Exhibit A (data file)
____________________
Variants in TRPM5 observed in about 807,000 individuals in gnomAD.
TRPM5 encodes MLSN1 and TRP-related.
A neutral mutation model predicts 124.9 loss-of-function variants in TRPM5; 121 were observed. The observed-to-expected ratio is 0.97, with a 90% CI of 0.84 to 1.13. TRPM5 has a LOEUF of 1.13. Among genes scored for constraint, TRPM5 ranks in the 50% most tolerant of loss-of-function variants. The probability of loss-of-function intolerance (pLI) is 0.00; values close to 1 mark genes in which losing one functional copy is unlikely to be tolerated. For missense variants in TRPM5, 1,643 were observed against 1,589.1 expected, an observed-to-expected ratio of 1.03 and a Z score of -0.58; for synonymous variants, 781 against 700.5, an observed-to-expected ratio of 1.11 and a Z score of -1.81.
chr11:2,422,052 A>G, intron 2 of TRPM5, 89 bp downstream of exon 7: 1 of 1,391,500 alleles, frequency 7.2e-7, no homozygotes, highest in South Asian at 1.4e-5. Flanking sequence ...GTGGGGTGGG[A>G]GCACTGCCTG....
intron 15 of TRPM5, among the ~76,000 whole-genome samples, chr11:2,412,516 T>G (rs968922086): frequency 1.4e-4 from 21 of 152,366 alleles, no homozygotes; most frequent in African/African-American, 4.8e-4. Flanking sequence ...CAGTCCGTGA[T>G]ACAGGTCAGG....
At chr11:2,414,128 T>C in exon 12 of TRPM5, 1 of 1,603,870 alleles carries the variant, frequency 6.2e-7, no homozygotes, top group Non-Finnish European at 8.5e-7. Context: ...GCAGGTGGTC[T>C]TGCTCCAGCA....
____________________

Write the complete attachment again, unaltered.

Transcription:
Variants in TRPM5 observed in about 807,000 individuals in gnomAD.
TRPM5 encodes MLSN1 and TRP-related.
A neutral mutation model predicts 124.9 loss-of-function variants in TRPM5; 121 were observed. The observed-to-expected ratio is 0.97, with a 90% CI of 0.84 to 1.13. TRPM5 has a LOEUF of 1.13. Among genes scored for constraint, TRPM5 ranks in the 50% most tolerant of loss-of-function variants. The probability of loss-of-function intolerance (pLI) is 0.00; values close to 1 mark genes in which losing one functional copy is unlikely to be tolerated. For missense variants in TRPM5, 1,643 were observed against 1,589.1 expected, an observed-to-expected ratio of 1.03 and a Z score of -0.58; for synonymous variants, 781 against 700.5, an observed-to-expected ratio of 1.11 and a Z score of -1.81.
chr11:2,422,052 A>G, intron 2 of TRPM5, 89 bp downstream of exon 7: 1 of 1,391,500 alleles, frequency 7.2e-7, no homozygotes, highest in South Asian at 1.4e-5. Flanking sequence ...GTGGGGTGGG[A>G]GCACTGCCTG....
intron 15 of TRPM5, among the ~76,000 whole-genome samples, chr11:2,412,516 T>G (rs968922086): frequency 1.4e-4 from 21 of 152,366 alleles, no homozygotes; most frequent in African/African-American, 4.8e-4. Flanking sequence ...CAGTCCGTGA[T>G]ACAGGTCAGG....
At chr11:2,414,128 T>C in exon 12 of TRPM5, 1 of 1,603,870 alleles carries the variant, frequency 6.2e-7, no homozygotes, top group Non-Finnish European at 8.5e-7. Context: ...GCAGGTGGTC[T>C]TGCTCCAGCA....